I remember first glimpsing a reproduction of this painting seventy years ago when I was an art major at Mills College.  My instructor dismissed it as “kitsch”!  We were then studying “cubism”, which was considered true innovative art.  I shrink now at the judgment involved.

One other impression of the painting came from a friend, Art Director Diane Leary.  In 1968, she traveled from home in New Zealand to Austria and visited the Belvedere Museum.  She experienced room after room filled with dark, heavy classical paintings in the European style.  Then she saw an unmarked green door, open, framing a staircase with sunlight pouring down.  Curiosity propelled her up the stairs where she stopped in amazement; a huge area spread before her filled with Gustav Klimt’s paintings.  Many were from his gold period.  Her mind said they were garish and she shouldn’t like them, but her heart fell in love.

Adele Bloch-Bauer I is a multi-faceted portrait.  Diane Leary’s impression was the same as mine; the painting exposed two facets of Vienna’s Mona Lisa.  To fully appreciate this art we needed to know something of the artist and to know the artist we needed to know something of the space and time that spawned his genius.  Lastly, what do we know of the subject herself, Adele Bloch-Bauer?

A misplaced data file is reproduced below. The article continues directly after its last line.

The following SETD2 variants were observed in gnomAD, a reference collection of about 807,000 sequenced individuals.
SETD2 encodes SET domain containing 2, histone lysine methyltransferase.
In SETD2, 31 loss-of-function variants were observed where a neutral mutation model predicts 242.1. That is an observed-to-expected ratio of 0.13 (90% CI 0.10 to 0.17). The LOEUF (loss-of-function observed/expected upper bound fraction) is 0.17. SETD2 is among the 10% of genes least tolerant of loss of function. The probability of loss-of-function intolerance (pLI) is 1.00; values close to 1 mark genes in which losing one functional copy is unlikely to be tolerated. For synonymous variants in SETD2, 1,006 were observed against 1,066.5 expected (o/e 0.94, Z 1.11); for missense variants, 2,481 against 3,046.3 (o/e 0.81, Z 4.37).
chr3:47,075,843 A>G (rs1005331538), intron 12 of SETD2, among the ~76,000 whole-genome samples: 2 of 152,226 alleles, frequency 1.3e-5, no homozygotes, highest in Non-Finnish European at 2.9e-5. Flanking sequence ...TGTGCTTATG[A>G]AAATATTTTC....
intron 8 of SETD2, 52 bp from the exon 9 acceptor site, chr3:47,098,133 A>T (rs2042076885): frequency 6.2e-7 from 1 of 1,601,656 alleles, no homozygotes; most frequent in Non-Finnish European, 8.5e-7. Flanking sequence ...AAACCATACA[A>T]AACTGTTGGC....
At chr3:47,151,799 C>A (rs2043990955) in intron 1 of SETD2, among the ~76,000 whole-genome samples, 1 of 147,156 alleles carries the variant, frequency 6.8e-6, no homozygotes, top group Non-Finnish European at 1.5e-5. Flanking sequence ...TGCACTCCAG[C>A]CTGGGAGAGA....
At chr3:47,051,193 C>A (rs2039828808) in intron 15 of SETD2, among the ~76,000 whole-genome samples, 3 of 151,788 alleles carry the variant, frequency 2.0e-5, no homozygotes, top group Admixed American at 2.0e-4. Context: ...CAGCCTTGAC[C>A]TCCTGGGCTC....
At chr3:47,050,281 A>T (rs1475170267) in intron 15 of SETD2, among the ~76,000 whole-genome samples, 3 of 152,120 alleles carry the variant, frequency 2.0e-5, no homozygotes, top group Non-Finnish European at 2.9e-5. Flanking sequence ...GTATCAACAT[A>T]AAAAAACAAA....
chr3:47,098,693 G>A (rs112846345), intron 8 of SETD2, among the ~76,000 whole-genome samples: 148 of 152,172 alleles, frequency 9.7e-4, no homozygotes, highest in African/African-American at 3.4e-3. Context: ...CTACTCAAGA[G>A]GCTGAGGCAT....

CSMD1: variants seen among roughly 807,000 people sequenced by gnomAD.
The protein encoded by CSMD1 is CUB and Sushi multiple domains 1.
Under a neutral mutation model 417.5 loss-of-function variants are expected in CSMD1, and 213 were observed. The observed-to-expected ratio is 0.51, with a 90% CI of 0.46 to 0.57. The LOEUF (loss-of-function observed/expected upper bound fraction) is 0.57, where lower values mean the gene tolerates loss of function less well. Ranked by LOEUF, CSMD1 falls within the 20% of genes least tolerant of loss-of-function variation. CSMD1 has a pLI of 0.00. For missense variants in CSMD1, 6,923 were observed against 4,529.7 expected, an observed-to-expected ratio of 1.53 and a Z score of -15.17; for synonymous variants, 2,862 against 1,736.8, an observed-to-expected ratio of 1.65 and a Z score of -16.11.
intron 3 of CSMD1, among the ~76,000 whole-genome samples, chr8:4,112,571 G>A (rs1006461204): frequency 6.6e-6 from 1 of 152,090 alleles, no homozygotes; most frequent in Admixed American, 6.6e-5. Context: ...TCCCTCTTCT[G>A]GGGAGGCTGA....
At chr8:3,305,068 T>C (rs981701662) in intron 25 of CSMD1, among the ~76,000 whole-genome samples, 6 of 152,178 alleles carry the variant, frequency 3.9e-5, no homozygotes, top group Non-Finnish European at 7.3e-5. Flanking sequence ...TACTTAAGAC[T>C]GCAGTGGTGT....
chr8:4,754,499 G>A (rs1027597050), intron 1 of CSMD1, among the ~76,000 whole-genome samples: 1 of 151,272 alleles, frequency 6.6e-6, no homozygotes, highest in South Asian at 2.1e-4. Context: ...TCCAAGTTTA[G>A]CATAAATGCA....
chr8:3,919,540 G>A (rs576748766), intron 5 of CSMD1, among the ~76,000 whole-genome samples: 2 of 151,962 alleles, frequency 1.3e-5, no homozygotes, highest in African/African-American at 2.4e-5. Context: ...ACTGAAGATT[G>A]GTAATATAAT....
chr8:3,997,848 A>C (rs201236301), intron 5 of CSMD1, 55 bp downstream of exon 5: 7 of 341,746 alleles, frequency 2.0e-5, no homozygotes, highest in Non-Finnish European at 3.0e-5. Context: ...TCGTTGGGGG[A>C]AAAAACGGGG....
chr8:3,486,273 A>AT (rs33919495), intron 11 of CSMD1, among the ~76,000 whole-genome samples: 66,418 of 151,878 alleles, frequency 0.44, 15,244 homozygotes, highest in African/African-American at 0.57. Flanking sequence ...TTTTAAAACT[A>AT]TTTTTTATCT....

My friend Hana ferreted out the perfect gem of a book for me entitled “Gustav Klimt, Art Nouveau Visionary” by Eva di Stefano, Italian Art critic and historian.  Beautifully reproduced photographs of Klimt’s work were interspersed with comprehensive information.  I was thrilled to bring this wonderful book home with me from the Madison bookstore.

Gustav Klimt, like his painting, was multifaceted.  He was born July, 1862 in a suburb of Vienna.  His father was a gold engraver and his mother an unsuccessful opera singer.  They influenced his love of music and use of gold in art.  Following formal training in Arts and Crafts he became a prolific painter of historic murals and landscapes and he finally concentrated on women’s portraits.  His last thirty years coincided with the final years of the Austro-Hungarian Hapsburg Empire.  Writers describe this as “the golden age of bourgeois  security”  that slipped into a “gay apocalypse”.  It was described as the “world of yesterday” – aristocratic, elegant with operatic melodies.  It was the cradle of Zionism, anti-Semitism and Austrian Marxism.  The era’s intellectuals, including Sigmund Freud, were redefining subjectivity.  Erotic hedonism was rampant.